Having arrived first on Xbox before other consoles, The Galactic Junkers tells the story of a captain on the run from pretty much everyone. An extinction level event called The Great Cataclysm destroyed the Earth and forced humanity to spread out across the stars to survive. This means the solar system is fraught with danger, and you’ll need your wits and a loyal crew to survive.
It doesn’t take much to make you the galaxy’s most wanted either, before bounty hunters, space pirates and the Galactic Union are all out to put a stop to your shenanigans. Still, if you’re on the run you might as well make the most of the opportunity to break some rules whilst you try to discover why everyone wants you dead.
This action and adventure and sim hybrid game puts you in the shoes of a captain, offering you the opportunity to customise your leader from a pretty generous selection of preset styles. As well as your physical appearance, there are numerous options to choose from in terms of fashion sense.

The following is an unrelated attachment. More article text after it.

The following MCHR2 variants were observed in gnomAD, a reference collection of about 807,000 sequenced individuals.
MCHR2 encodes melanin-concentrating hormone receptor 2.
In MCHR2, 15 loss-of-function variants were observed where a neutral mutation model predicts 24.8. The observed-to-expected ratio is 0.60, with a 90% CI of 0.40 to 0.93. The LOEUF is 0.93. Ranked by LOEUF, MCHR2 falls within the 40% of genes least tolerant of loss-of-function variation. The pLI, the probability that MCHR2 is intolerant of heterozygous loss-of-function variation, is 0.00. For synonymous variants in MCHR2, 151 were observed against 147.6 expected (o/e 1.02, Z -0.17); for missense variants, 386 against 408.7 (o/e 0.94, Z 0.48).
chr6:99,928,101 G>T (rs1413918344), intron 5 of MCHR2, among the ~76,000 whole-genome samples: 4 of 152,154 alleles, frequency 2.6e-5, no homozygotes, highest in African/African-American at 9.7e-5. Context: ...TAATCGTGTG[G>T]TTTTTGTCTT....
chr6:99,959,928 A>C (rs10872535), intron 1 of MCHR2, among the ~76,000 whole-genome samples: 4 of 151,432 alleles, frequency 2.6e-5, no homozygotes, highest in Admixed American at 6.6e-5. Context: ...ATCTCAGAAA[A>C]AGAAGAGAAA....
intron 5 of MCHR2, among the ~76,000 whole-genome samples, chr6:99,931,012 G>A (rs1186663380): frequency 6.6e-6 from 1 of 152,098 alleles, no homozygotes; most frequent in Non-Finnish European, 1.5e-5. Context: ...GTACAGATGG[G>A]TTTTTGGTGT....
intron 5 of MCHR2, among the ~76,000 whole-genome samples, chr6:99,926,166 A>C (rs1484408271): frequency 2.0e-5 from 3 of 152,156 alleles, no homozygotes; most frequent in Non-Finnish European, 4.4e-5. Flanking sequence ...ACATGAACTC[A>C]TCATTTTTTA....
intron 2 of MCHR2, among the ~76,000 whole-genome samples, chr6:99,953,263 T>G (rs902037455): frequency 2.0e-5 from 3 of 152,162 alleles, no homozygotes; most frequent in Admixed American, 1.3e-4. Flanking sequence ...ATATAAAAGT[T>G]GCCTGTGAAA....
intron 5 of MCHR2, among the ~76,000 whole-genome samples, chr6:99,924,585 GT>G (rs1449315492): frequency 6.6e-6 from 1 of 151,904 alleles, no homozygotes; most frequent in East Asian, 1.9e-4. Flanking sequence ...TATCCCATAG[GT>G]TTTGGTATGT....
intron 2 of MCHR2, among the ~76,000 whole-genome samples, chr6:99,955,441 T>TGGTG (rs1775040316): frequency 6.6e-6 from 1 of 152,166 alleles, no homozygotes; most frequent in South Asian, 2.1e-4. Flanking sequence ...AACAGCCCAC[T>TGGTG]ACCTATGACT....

The Galactic Junkers takes place in a version of our own solar system, with you exploring all nine regions of space that surround the planets within it. Jump gates provide the means to hop between sectors, and there are asteroids, space stations and enemy ships which populate each area of space.
There’s a fairly straightforward but lengthy single player campaign on offer, split into chapters. In all honesty, there’s a lot of item fetching and travelling back and forth which can start to drag if you are playing The Galactic Junkers for hours at a time. All the sectors of space are very similar too, even most of the space stations have exactly the same layout which makes the action feel repetitive before long. Not only this, but despite the scale of the game it actually feels rather empty, with little variety in terms of things to do.